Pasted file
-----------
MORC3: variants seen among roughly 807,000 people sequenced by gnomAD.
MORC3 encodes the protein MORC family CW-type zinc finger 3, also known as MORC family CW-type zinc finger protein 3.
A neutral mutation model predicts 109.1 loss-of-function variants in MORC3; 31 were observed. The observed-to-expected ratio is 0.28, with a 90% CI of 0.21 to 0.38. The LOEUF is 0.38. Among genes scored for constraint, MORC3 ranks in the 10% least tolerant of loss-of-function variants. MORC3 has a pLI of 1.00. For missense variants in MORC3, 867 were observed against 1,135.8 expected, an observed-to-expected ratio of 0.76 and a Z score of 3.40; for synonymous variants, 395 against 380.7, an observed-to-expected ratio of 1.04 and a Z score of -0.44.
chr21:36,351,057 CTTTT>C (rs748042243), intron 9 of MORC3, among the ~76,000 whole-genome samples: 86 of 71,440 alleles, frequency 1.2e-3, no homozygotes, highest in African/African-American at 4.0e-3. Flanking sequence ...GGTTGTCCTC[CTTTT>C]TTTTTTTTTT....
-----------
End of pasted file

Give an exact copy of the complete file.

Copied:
MORC3: variants seen among roughly 807,000 people sequenced by gnomAD.
MORC3 encodes the protein MORC family CW-type zinc finger 3, also known as MORC family CW-type zinc finger protein 3.
A neutral mutation model predicts 109.1 loss-of-function variants in MORC3; 31 were observed. The observed-to-expected ratio is 0.28, with a 90% CI of 0.21 to 0.38. The LOEUF is 0.38. Among genes scored for constraint, MORC3 ranks in the 10% least tolerant of loss-of-function variants. MORC3 has a pLI of 1.00. For missense variants in MORC3, 867 were observed against 1,135.8 expected, an observed-to-expected ratio of 0.76 and a Z score of 3.40; for synonymous variants, 395 against 380.7, an observed-to-expected ratio of 1.04 and a Z score of -0.44.
chr21:36,351,057 CTTTT>C (rs748042243), intron 9 of MORC3, among the ~76,000 whole-genome samples: 86 of 71,440 alleles, frequency 1.2e-3, no homozygotes, highest in African/African-American at 4.0e-3. Flanking sequence ...GGTTGTCCTC[CTTTT>C]TTTTTTTTTT....